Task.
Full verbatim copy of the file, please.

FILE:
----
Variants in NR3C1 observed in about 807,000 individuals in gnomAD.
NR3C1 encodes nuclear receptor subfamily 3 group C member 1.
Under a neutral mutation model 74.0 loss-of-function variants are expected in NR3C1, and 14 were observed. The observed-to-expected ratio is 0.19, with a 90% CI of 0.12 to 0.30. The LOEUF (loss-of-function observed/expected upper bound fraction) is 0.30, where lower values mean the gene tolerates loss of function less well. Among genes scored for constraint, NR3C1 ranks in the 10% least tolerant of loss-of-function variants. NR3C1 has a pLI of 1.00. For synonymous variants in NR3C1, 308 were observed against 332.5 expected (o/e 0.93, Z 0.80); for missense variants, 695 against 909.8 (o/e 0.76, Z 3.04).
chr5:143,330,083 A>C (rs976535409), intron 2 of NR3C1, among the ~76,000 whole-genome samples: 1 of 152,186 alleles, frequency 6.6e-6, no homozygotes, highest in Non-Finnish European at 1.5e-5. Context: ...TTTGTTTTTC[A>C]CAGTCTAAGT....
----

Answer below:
Variants in NR3C1 observed in about 807,000 individuals in gnomAD.
NR3C1 encodes nuclear receptor subfamily 3 group C member 1.
Under a neutral mutation model 74.0 loss-of-function variants are expected in NR3C1, and 14 were observed. The observed-to-expected ratio is 0.19, with a 90% CI of 0.12 to 0.30. The LOEUF (loss-of-function observed/expected upper bound fraction) is 0.30, where lower values mean the gene tolerates loss of function less well. Among genes scored for constraint, NR3C1 ranks in the 10% least tolerant of loss-of-function variants. NR3C1 has a pLI of 1.00. For synonymous variants in NR3C1, 308 were observed against 332.5 expected (o/e 0.93, Z 0.80); for missense variants, 695 against 909.8 (o/e 0.76, Z 3.04).
chr5:143,330,083 A>C (rs976535409), intron 2 of NR3C1, among the ~76,000 whole-genome samples: 1 of 152,186 alleles, frequency 6.6e-6, no homozygotes, highest in Non-Finnish European at 1.5e-5. Context: ...TTTGTTTTTC[A>C]CAGTCTAAGT....